A Challenging Harvest

 The 2017 Harvest for many here in the UK will be best forgotten certainly it wasn't the worst we've had here but from late July as the winter crops were being harvested August decended into a very wet unsettled month which unfortunately as I write this late September hasn't improved much! And there are still some wheat and oats still here to cut.

Harvest for us started with the moving of the 860 to its first job about 10 miles away early August with the weather dictating a possible later start

After a 10 day unsettled spell with low pressure systems constantly bombarding our shores, we had a brief respite from the 10th and 4 dry days although cool and very windy.

This gave us a start On the afternoon of the 12th with the spring barley at 15.5% moisture which was quite surprising, and we had 3 days cutting before the next front of weather moved in and lasted another week.

with our harvest this year I have concentrated a bit more on the older combines and especially my 1967 410 which was given to me a year ago.

preparations to bring the 410 back into work started in June, the first job was to clean off 50 yrs of harvest grime!

 

 

Bringing the 410 home from its winter storage the work begins!

As she arrived!

After many hours cleaning the assessment of the combine begins!

The table guards required a lot of TLC ! and straightening out, also new rubber retaining straps fitted.

To get this old maiden back into Harvest order required 6 new belts and 2 bearings, plus a new power steering pipe and repair to the gear selector arm which selects first and reverse.

Plus a great deal of adjustments and lubricating of various adjusters around the combine that have laid idle for so long.

Preparations pre harvest on the other two combines used this year was also underway with the basic oil and filter changes plus  the standard  check around of all the belts chains and bearings.

One problem we found while checking around was this  bearing gone on the straw Walker crank arm which was completely shot.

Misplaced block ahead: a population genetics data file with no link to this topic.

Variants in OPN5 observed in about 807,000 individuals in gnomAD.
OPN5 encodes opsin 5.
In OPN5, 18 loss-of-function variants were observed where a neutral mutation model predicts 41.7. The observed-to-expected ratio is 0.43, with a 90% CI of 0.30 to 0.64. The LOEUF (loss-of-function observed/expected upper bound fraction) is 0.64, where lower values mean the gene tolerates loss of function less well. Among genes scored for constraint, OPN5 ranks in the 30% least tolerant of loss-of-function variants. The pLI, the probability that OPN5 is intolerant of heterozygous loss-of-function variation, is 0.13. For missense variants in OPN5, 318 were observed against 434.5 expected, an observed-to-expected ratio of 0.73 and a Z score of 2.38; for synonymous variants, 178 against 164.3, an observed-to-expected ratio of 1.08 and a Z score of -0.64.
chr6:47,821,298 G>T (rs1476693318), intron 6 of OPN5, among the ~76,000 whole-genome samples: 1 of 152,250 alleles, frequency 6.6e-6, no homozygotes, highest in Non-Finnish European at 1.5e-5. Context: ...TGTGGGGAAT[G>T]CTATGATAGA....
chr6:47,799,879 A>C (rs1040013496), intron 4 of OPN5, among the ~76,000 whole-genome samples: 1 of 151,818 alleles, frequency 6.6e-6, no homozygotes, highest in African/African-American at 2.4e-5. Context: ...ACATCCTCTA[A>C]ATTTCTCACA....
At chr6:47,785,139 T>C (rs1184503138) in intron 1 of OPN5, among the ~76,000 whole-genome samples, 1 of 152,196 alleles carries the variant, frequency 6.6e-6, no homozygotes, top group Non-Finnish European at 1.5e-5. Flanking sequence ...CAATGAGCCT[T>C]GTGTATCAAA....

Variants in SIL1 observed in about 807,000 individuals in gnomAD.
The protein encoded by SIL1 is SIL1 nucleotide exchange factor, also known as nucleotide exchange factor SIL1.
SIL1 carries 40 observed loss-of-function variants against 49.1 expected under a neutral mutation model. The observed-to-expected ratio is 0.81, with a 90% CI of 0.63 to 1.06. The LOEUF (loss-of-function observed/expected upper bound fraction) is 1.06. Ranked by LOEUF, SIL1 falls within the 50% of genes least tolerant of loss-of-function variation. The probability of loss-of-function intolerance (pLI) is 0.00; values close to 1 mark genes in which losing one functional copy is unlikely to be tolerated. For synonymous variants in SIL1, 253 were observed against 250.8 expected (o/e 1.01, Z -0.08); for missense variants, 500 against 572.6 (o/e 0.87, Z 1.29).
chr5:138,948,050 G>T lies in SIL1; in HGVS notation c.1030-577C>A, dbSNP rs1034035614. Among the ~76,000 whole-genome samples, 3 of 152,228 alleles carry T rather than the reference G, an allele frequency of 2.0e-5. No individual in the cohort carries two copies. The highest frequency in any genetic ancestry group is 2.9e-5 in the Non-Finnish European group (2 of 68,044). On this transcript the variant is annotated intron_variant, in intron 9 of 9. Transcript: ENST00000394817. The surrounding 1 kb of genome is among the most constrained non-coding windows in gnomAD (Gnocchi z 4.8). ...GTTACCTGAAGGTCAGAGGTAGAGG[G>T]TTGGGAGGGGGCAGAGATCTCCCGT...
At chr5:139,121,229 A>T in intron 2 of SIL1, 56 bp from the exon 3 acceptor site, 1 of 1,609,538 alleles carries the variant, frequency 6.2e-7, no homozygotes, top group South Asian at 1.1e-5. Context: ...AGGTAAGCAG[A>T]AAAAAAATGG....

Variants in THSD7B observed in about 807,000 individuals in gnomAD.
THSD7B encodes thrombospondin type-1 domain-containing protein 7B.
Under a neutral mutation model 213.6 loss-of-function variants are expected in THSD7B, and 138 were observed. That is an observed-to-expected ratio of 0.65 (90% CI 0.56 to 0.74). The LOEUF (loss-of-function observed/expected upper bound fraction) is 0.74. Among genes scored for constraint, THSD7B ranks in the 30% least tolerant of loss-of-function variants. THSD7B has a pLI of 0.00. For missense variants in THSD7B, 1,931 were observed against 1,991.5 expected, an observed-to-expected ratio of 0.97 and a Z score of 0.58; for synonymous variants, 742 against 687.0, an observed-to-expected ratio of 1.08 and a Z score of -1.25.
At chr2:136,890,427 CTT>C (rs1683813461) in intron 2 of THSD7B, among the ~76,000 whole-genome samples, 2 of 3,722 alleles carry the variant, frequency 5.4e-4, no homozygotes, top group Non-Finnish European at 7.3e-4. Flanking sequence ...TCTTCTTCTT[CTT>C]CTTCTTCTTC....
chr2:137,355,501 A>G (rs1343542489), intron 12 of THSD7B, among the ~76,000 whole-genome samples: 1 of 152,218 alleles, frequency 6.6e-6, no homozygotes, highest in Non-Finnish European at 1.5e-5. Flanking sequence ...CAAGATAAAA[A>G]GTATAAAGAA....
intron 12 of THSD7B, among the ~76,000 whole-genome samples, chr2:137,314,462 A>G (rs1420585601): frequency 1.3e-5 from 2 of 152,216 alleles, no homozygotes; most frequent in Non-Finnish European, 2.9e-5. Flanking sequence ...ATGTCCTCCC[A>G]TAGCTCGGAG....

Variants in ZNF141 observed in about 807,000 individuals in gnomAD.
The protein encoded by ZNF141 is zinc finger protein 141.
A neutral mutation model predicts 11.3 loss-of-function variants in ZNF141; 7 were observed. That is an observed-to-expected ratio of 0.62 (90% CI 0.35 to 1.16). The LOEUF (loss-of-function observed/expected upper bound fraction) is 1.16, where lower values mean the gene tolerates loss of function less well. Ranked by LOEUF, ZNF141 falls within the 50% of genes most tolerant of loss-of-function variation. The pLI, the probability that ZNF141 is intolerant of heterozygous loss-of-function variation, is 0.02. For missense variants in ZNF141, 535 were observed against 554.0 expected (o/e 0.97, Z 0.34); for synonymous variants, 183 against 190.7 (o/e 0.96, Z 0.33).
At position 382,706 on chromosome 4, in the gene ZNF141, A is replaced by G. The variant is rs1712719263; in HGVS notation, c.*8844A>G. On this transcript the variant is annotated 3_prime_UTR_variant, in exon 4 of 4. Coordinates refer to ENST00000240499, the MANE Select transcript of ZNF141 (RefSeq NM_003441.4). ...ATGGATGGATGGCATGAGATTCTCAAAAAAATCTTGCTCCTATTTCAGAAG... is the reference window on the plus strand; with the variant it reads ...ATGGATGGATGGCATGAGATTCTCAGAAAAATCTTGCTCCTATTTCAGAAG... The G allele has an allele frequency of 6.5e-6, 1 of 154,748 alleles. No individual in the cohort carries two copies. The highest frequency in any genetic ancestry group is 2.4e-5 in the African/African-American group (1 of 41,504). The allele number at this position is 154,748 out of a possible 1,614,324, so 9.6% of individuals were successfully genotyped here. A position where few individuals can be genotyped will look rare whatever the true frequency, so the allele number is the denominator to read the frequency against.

More than likely failed at the end of last season!

Far better a job like this before the season starts ! Than out in the field!
Shaft speed sensor bracket can be seen at bottom of picture.

A couple of days preparing the 860

The trip to tss banks .he first farm is always eventful! and worse on the wet grass banks.

Parked up and awaiting its 30 th harvest.

Every year you can expect to spend considerable time on the Combines preparing them and limiting the chances of breakdowns in the field, but as we all say just expect the unexpected.

Work on the 410 continued after servicing and repairs were completed on the 860.

The 410 needed 6 new belts and two bearings plus the standard servicing.

Unfortunately the combine has suffered paintwork damage on the top surfaces caused by oil and diesel being poured over to protect the bodywork! So I think a full strip and respray is required, and I think she's well worth the work which is considerable; but to me she's a very special machine being a local combine and rare 8ft 6 cut.

My fellow combine collector Howard had prepared his 50 yr old MF 400 ready for our crops of Barley at Stratton on the Fosse , this combine required a tank fuel pump as the old one had got very weak and struggled to supply enough fuel up to the engine and it caused some issues last season.

Apart from that and the customary service it was good to go.

The following photos came from the 16 th August as we started cutting our own Barley, but by now the weather was very unsettled and dry days very hard to find.

 

Crop moisture 15.5%Howard making a start early afternoon

The Old 400 goes about its business with Howard at the Helm

Interesting rear shot as the precious crop completes its journey.

Despite the consistent rain this crop still stands in pretty good order patiently awaiting its harvest.

The sharp red paint in contrast with the dark skies and golden crop.

An upper shot looking back on its work.

Standing up gives a far better view of the crop and feed into the combine and with these modern short stem crops feeding the crop can require full attention at all times!

The precious cargo safely gathered in.

A local contractor baling up close behind as the forecast predicts heavy rain overnight.

As daylight fades on comes the lights! We rarely cut after dark but this season you have got to make full use of any dry conditions.

Onward with the lights!

Harvesting in the dark focuses your attention more but in some way you haven't got any other distractions around you so in some ways it's easier.

More harvest 2017 photos  PT 2